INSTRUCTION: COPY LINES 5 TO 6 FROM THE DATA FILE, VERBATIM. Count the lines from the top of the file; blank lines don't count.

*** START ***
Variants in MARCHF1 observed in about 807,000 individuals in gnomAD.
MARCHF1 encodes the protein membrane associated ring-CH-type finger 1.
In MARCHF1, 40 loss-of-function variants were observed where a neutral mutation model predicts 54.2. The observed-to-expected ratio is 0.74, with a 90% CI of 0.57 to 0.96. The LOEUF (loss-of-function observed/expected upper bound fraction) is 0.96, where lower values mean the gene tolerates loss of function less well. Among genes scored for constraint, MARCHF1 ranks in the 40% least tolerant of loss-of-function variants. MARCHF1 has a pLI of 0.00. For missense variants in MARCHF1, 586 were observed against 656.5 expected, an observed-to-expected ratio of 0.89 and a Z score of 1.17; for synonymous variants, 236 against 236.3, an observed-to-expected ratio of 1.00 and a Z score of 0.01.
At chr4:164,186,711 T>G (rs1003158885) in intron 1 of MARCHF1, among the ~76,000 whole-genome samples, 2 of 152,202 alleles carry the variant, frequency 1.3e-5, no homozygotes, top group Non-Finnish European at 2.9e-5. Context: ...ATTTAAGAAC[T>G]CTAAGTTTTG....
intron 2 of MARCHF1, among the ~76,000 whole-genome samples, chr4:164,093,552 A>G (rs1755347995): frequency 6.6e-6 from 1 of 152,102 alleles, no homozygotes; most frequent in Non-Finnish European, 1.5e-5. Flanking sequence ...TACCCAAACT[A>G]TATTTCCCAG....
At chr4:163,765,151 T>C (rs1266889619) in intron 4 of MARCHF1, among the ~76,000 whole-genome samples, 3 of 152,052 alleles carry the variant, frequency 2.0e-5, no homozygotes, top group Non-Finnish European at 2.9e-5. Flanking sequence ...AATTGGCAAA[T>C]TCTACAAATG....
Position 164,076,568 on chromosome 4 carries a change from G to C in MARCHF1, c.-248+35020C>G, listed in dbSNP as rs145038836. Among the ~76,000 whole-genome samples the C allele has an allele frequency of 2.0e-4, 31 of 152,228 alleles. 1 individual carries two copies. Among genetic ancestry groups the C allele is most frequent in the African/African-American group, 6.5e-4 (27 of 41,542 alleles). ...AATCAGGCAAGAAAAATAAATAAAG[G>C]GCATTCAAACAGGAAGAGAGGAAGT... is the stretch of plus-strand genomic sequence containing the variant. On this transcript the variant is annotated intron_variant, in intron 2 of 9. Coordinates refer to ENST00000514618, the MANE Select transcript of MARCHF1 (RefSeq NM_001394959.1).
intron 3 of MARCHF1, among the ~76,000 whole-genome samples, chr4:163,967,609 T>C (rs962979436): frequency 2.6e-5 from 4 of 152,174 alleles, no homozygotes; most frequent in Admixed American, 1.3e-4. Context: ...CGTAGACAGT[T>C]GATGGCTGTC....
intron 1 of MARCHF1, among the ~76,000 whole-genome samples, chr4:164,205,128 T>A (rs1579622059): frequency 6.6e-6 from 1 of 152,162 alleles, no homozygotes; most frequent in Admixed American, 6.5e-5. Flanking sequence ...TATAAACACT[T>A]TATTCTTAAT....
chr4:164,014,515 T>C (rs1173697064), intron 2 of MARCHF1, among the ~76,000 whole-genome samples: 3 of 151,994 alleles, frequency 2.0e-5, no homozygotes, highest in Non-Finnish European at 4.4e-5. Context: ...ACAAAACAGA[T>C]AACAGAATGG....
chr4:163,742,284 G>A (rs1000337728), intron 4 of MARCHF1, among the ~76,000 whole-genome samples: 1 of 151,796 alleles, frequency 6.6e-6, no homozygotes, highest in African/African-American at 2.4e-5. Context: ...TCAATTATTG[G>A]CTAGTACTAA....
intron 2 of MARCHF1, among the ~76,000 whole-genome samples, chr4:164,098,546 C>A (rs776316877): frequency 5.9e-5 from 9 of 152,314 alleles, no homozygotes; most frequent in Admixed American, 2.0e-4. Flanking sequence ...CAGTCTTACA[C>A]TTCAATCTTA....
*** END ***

intron 2 of MARCHF1, among the ~76,000 whole-genome samples, chr4:164,093,552 A>G (rs1755347995): frequency 6.6e-6 from 1 of 152,102 alleles, no homozygotes; most frequent in Non-Finnish European, 1.5e-5. Flanking sequence ...TACCCAAACT[A>G]TATTTCCCAG....
At chr4:163,765,151 T>C (rs1266889619) in intron 4 of MARCHF1, among the ~76,000 whole-genome samples, 3 of 152,052 alleles carry the variant, frequency 2.0e-5, no homozygotes, top group Non-Finnish European at 2.9e-5. Flanking sequence ...AATTGGCAAA[T>C]TCTACAAATG....